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Drew Bixby

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Tesla was blocked from selling cars in Texas. Is this a bad sign?

In the book Why Nations Fail, (http://whynationsfail.com/) the authors argue that inclusiveness is what made the US great and extractive-ness is what makes nations like Venezuela fail. Very generally, inclusiveness means everyone has an equal opportunity to compete and the laws support such an environment. In contrast, extractive-ness is an environment where rules, over-regulation, political favors, and financial weight give preference to certain groups over others.

This case with Tesla seems very "extractive"/non-iinclusive by their definition. Is this just isolated or is this a bad sign for the state of things in the US?

In case you are not aware, here is a brief synopsis of the Tesla case:
http://www.autoweek.com/article/20130604/green/130609929

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    Jun 17 2013: This is a molehill. You can't sell cars in Texas any other way than from a showroom. That's the way the ball bounces in the Lone Star State. Legislate to change it if you want, in fact, is that what this post is about? Are you starting a campaign to change the law? If not, I can only assume your point is to ask the rather strange question if it is a bad sign when the law is adhered to.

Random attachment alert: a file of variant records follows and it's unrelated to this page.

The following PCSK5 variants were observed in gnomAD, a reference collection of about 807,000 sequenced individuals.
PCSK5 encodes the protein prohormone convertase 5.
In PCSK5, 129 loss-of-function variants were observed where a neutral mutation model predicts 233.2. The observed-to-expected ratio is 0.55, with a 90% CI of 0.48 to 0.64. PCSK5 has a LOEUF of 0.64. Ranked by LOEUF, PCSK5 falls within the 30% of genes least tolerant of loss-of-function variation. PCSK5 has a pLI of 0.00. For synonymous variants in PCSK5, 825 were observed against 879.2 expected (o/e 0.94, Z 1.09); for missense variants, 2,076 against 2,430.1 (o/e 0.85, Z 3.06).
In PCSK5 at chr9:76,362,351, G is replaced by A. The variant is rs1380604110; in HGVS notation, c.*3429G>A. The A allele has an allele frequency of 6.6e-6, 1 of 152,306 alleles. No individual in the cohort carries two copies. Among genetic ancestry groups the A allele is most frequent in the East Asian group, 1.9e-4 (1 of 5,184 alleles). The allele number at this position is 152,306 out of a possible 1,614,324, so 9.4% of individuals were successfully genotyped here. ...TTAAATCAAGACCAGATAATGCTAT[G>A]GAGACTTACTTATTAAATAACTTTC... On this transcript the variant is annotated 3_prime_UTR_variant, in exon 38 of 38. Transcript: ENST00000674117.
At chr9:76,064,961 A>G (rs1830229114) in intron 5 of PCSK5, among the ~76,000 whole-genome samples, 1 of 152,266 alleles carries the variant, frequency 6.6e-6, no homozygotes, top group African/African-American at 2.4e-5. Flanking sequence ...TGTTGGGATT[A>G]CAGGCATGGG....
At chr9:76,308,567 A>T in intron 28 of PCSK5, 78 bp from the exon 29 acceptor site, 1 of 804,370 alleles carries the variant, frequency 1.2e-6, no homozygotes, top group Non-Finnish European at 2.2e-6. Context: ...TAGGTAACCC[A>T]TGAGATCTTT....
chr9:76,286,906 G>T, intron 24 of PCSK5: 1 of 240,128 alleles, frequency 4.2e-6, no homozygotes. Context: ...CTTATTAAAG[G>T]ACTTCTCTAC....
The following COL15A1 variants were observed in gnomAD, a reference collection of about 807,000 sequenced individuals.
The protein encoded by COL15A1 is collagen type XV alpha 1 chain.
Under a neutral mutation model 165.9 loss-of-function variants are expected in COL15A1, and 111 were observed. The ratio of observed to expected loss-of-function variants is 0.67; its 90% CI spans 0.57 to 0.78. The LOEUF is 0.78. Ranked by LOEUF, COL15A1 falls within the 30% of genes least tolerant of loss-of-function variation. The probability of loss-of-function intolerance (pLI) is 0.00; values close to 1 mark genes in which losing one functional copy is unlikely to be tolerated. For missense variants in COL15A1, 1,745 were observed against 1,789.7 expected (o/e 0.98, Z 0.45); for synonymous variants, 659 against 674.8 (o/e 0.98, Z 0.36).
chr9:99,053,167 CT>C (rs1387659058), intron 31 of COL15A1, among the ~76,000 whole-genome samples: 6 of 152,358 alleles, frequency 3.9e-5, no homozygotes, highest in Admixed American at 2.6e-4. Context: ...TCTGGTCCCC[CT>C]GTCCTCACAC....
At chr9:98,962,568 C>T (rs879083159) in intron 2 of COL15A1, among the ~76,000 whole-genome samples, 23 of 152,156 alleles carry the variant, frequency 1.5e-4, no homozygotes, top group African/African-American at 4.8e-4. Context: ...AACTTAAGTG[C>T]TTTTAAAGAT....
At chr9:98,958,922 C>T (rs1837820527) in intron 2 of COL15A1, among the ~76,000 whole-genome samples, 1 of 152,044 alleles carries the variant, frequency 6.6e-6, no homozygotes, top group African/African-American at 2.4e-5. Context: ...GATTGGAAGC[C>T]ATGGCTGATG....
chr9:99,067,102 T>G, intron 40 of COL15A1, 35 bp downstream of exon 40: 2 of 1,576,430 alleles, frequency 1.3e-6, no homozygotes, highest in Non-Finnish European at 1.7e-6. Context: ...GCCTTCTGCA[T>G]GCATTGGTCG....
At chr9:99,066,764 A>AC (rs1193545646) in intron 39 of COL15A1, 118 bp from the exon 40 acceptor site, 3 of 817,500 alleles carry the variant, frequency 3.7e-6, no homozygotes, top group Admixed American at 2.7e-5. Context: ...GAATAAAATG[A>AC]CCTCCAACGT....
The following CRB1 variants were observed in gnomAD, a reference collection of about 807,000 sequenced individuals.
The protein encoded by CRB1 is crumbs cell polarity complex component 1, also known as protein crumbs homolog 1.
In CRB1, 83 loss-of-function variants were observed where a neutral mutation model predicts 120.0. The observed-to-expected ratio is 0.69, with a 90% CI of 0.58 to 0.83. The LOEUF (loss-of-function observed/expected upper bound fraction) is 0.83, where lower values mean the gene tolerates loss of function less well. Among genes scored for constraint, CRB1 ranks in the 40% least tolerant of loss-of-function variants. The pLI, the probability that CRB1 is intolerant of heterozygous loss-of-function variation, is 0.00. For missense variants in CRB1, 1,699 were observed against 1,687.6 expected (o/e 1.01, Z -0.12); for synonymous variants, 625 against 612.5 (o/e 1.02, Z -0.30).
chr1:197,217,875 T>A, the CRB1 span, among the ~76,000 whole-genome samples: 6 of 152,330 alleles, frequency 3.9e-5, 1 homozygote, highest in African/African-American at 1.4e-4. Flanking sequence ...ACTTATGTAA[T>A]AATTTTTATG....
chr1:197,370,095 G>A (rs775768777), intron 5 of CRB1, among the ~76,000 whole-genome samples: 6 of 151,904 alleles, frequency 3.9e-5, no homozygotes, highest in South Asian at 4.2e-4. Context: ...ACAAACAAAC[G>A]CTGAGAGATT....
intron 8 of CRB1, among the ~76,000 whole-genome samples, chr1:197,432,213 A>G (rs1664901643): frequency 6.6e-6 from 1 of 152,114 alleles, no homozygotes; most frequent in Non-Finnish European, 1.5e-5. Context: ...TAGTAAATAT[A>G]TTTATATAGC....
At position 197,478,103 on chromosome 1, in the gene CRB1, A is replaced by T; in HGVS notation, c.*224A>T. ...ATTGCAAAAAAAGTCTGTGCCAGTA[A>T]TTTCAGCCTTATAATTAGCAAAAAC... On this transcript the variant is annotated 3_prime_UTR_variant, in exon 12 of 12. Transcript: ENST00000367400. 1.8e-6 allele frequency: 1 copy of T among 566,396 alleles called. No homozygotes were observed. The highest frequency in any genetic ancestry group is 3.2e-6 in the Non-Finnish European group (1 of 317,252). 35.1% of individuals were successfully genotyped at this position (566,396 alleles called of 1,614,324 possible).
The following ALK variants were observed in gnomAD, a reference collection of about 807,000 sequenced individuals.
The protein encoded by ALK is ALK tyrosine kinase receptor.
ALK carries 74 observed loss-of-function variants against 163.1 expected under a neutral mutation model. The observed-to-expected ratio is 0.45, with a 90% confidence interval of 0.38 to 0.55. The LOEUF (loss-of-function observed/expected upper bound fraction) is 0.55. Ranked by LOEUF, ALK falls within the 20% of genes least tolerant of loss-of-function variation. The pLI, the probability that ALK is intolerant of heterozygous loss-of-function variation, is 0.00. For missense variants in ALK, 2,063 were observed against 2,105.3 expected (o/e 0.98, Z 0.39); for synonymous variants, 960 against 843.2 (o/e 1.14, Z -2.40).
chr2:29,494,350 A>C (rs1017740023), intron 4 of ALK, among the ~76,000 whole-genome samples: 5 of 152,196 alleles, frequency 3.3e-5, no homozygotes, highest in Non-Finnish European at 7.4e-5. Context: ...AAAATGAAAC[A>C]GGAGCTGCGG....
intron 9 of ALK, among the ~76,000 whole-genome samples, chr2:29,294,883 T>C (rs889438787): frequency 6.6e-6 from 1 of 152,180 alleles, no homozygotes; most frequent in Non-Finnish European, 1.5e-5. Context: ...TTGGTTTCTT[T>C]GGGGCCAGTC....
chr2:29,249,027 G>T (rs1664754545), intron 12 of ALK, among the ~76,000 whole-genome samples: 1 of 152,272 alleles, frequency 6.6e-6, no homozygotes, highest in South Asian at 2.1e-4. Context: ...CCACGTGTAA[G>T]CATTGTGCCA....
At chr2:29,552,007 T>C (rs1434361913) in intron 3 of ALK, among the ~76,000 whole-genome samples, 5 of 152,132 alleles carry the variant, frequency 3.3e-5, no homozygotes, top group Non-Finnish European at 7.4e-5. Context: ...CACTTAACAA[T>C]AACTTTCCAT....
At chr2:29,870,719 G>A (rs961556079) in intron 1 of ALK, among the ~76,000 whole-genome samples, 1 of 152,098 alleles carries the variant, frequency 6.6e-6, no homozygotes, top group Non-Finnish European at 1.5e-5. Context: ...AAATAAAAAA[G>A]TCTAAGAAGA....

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      Jun 18 2013: The post is not about changing this legislation. The post is whether this type of situation is a "canary in the coal mine" for a bigger issue about a non-inclusive environment as I mention above.

      And the question is not whether or not the law is being adhered to, but whether the laws in place are supportive of an inclusive environment. I appreciate your response, but from your tone I take it that you just accept whatever laws get passed and assume they are the best and final. Is that true?
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        Jun 18 2013: I do not think you are warranted to accuse me of accepting all laws as eternal and unchangeable. I am absolutely not opposed to utilizing proper legislative channels to change existing laws. Every law is non-inclusive in some way. The purpose of any law is to disallow doing, or not doing, something. To break the law means to do something which is not allowed, or to not do something which is required. I still see only two possible purposes for your question: to illustrate the need to change a law; or to get people's opinions about if obeying the law is bad sign. Since the latter is obviously scant basis for a post, I assumed the former to be your motive. In a civilized free society obeying the law is never a bad thing. Not all laws are good, but all laws are binding upon the citizenry. Isn't your question asking if Texas should change the law to allow selling new cars without having a dealership showroom in the state?
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          Jun 18 2013: Thank you for your perspective. I am sorry for my implied accusation. I apparently read too much into "that is the way the ball bounces."

          Regarding the purpose for the question, I'm sorry I can't make it any clearer than in my previous response.

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